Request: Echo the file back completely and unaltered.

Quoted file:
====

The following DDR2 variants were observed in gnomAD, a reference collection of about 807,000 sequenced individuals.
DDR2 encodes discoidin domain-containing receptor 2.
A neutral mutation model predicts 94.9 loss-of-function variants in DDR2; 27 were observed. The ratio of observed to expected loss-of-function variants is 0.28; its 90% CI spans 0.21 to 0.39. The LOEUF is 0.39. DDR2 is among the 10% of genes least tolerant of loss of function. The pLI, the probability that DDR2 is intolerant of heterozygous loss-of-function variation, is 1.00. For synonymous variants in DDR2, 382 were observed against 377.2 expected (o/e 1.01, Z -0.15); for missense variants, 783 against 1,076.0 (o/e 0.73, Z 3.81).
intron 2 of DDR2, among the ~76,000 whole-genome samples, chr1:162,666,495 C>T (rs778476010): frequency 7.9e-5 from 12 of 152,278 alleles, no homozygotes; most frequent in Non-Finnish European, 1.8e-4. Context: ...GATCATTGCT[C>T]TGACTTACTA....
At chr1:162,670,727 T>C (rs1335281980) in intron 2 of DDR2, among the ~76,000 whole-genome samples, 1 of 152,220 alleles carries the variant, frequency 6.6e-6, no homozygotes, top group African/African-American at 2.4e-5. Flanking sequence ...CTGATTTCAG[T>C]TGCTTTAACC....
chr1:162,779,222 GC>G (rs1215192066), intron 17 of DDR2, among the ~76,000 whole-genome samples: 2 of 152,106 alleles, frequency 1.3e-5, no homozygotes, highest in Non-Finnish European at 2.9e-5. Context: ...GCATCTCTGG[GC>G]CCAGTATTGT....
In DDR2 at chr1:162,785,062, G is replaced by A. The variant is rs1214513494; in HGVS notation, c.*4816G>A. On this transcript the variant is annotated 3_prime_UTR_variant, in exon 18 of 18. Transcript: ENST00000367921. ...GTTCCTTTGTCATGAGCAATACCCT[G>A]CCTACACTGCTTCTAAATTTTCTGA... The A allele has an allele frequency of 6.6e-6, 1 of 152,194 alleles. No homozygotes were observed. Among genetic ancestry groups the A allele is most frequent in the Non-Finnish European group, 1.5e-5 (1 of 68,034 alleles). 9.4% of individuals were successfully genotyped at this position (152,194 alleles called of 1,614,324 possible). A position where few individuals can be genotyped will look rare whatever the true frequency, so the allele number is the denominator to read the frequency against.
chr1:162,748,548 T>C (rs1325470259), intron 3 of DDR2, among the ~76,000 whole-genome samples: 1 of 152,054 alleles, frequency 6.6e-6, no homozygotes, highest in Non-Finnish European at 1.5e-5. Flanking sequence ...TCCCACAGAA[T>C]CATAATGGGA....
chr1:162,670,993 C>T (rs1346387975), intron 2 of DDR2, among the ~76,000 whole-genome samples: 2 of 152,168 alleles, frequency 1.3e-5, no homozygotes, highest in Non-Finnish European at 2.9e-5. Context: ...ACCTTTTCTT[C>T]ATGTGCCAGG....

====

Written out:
The following DDR2 variants were observed in gnomAD, a reference collection of about 807,000 sequenced individuals.
DDR2 encodes discoidin domain-containing receptor 2.
A neutral mutation model predicts 94.9 loss-of-function variants in DDR2; 27 were observed. The ratio of observed to expected loss-of-function variants is 0.28; its 90% CI spans 0.21 to 0.39. The LOEUF is 0.39. DDR2 is among the 10% of genes least tolerant of loss of function. The pLI, the probability that DDR2 is intolerant of heterozygous loss-of-function variation, is 1.00. For synonymous variants in DDR2, 382 were observed against 377.2 expected (o/e 1.01, Z -0.15); for missense variants, 783 against 1,076.0 (o/e 0.73, Z 3.81).
intron 2 of DDR2, among the ~76,000 whole-genome samples, chr1:162,666,495 C>T (rs778476010): frequency 7.9e-5 from 12 of 152,278 alleles, no homozygotes; most frequent in Non-Finnish European, 1.8e-4. Context: ...GATCATTGCT[C>T]TGACTTACTA....
At chr1:162,670,727 T>C (rs1335281980) in intron 2 of DDR2, among the ~76,000 whole-genome samples, 1 of 152,220 alleles carries the variant, frequency 6.6e-6, no homozygotes, top group African/African-American at 2.4e-5. Flanking sequence ...CTGATTTCAG[T>C]TGCTTTAACC....
chr1:162,779,222 GC>G (rs1215192066), intron 17 of DDR2, among the ~76,000 whole-genome samples: 2 of 152,106 alleles, frequency 1.3e-5, no homozygotes, highest in Non-Finnish European at 2.9e-5. Context: ...GCATCTCTGG[GC>G]CCAGTATTGT....
In DDR2 at chr1:162,785,062, G is replaced by A. The variant is rs1214513494; in HGVS notation, c.*4816G>A. On this transcript the variant is annotated 3_prime_UTR_variant, in exon 18 of 18. Transcript: ENST00000367921. ...GTTCCTTTGTCATGAGCAATACCCT[G>A]CCTACACTGCTTCTAAATTTTCTGA... The A allele has an allele frequency of 6.6e-6, 1 of 152,194 alleles. No homozygotes were observed. Among genetic ancestry groups the A allele is most frequent in the Non-Finnish European group, 1.5e-5 (1 of 68,034 alleles). 9.4% of individuals were successfully genotyped at this position (152,194 alleles called of 1,614,324 possible). A position where few individuals can be genotyped will look rare whatever the true frequency, so the allele number is the denominator to read the frequency against.
chr1:162,748,548 T>C (rs1325470259), intron 3 of DDR2, among the ~76,000 whole-genome samples: 1 of 152,054 alleles, frequency 6.6e-6, no homozygotes, highest in Non-Finnish European at 1.5e-5. Flanking sequence ...TCCCACAGAA[T>C]CATAATGGGA....
chr1:162,670,993 C>T (rs1346387975), intron 2 of DDR2, among the ~76,000 whole-genome samples: 2 of 152,168 alleles, frequency 1.3e-5, no homozygotes, highest in Non-Finnish European at 2.9e-5. Context: ...ACCTTTTCTT[C>T]ATGTGCCAGG....